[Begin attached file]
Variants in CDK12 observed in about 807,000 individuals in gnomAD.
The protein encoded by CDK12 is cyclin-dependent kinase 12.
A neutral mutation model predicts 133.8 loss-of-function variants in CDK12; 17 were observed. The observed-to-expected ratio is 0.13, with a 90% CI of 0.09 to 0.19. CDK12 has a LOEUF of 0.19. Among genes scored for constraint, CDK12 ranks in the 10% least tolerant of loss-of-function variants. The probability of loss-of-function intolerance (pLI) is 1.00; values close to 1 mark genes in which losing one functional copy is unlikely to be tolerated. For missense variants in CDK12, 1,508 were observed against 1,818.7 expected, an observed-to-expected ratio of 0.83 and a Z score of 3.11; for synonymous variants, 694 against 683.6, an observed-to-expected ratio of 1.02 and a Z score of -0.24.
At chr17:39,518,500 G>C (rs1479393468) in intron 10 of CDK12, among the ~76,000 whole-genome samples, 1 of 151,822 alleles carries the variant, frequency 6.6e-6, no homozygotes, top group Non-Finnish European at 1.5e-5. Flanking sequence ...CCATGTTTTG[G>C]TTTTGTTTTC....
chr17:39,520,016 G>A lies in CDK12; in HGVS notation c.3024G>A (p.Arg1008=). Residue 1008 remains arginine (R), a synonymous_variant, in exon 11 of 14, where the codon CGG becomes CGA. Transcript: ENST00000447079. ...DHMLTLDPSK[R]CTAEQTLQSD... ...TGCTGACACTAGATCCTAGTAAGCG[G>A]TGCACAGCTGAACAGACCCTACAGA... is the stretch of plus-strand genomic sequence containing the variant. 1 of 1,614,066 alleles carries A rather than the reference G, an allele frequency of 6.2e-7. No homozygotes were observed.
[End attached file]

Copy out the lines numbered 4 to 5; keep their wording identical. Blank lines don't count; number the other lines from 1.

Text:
At chr17:39,518,500 G>C (rs1479393468) in intron 10 of CDK12, among the ~76,000 whole-genome samples, 1 of 151,822 alleles carries the variant, frequency 6.6e-6, no homozygotes, top group Non-Finnish European at 1.5e-5. Flanking sequence ...CCATGTTTTG[G>C]TTTTGTTTTC....
chr17:39,520,016 G>A lies in CDK12; in HGVS notation c.3024G>A (p.Arg1008=). Residue 1008 remains arginine (R), a synonymous_variant, in exon 11 of 14, where the codon CGG becomes CGA. Transcript: ENST00000447079. ...DHMLTLDPSK[R]CTAEQTLQSD... ...TGCTGACACTAGATCCTAGTAAGCG[G>A]TGCACAGCTGAACAGACCCTACAGA... is the stretch of plus-strand genomic sequence containing the variant. 1 of 1,614,066 alleles carries A rather than the reference G, an allele frequency of 6.2e-7. No homozygotes were observed.